It is important that the administration of the trust is properly attended to. This includes performing the annual gifting programme wherein yearly gifts of $27,000 each are filed with the Inland Revenue Department. Keeping an adequate “paper trail” will ensure that the trust records are up to date for any audit purposes.
Various legal documents need to be put in place when establishing a trust, including of course the Trust Deed. There are three main groups of parties involved. The Settlors are the persons who set up and transfer assets to the trust. The Trustees are the people who hold the legal ownership of the trust assets on behalf of the beneficiaries. The Beneficiaries hold the beneficial ownership in the trust assets and include, amongst others, yourselves, your children and grandchildren.
I also recommend that a Memorandum of Wishes is completed. This is not binding on the trustees, but sets out the manner in which you would like the trust to be administered and is a valuable guide for the trustees. It is an effective way of ensuring that on your deaths specific requests that you had in mind may be given effect to by the trustees.
Trusts are an invaluable asset protection tool and mechanism for preserving one’s weath.
Please contact Ian Mellett at Quay Law for more information, or if you have any further questions on Trusts and Asset Planning.
Ian Mellett BComm LLB H Dip Tax is a Barrister and Solicitor at Quay Law in Remuera, Auckland. This Auckland law firm provides services in Wills and Estate administration, Estate Planning, Trusts and Asset Protection, Relationship Property, as well as Conveyancing, Commercial, Immigration and other areas of law. Phone number (09) 523-2408.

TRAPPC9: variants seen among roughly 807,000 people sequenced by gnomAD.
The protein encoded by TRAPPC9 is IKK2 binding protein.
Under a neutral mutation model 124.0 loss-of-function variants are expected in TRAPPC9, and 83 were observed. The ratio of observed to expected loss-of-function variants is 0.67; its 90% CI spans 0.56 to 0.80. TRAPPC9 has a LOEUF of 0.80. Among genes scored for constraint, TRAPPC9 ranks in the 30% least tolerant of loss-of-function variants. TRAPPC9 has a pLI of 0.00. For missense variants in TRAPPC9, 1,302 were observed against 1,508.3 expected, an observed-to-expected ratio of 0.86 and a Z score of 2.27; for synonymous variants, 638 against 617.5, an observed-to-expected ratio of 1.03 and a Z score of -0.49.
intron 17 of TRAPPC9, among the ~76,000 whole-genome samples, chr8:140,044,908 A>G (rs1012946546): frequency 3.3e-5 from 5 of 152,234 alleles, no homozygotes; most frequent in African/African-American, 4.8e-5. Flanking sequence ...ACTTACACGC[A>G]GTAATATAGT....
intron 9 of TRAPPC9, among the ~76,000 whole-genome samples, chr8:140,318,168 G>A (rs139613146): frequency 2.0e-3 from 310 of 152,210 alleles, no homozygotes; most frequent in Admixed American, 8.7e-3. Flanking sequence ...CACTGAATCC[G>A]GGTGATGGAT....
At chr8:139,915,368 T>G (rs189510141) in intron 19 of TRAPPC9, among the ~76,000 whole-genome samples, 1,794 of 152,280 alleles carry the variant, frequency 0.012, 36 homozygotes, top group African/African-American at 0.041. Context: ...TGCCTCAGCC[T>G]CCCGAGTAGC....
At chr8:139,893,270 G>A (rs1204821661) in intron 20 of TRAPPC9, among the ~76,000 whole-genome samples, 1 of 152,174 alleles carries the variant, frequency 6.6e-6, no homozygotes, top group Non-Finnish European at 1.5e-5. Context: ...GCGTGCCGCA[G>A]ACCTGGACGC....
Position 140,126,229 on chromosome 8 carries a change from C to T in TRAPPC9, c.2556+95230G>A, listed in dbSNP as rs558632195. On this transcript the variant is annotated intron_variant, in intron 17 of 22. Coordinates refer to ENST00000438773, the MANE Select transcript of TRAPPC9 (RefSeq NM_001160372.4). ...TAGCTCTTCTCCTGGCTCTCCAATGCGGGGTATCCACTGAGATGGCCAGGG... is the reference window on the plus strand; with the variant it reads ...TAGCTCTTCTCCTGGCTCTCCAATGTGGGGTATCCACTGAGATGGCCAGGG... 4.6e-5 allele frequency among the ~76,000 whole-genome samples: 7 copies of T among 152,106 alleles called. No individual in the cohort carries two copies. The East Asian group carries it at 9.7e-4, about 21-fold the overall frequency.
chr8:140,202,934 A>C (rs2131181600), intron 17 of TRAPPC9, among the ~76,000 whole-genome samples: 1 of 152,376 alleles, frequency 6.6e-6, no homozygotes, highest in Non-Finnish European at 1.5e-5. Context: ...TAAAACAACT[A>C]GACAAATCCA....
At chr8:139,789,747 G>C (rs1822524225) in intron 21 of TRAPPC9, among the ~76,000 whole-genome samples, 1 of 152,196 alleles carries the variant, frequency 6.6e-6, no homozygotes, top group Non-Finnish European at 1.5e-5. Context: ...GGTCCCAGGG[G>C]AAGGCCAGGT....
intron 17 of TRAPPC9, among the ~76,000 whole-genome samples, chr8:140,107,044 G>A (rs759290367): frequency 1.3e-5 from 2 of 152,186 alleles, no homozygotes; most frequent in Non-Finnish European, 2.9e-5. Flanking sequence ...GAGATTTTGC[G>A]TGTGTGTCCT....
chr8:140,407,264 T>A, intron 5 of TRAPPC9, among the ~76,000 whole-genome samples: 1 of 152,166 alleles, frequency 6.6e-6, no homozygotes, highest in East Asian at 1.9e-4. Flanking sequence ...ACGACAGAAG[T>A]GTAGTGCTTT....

NEW ZEALAND LEGAL ARTICLE 2 : 22 March 2011
New Zealand Trust Law under review by Ian Mellett of Quay Law, Auckland, NZ
Based on current records, New Zealand has one of the highest numbers of trusts per head of population in comparison to other countries. It is estimated that there are at least 237,500 trusts in New Zealand but this figure could be as high as 400,000.
The Law Commission has been asked to review the Trustee Act 1956 and trust law generally. The Commission plans to tackle the review in 3 stages:
- Stage 1 will look at the Trustee Act 1956, the Perpetuities Act 1964 and trust law generally. The first paper was released in November 2010 and focused on the history of trusts. The second paper was released in December 2010 and focused on the uses of family trusts in New Zealand. This paper included the potential concerns surrounding the current use of trusts.
- Stage 2 will consider the Charitable Trusts Act 1957.
- Stage 3 will consider the trustee companies legislation.
There is an intention to abolish gift duty with effect from 1 October 2011. Whilst this legislation is yet to be passed, it seems that from this date gift duty will no longer be a relevant factor for people settling trusts. The result of this proposed legislation will be an easier movement / transfer of assets into trusts.
So where does this leave Trusts as we focus on 2011?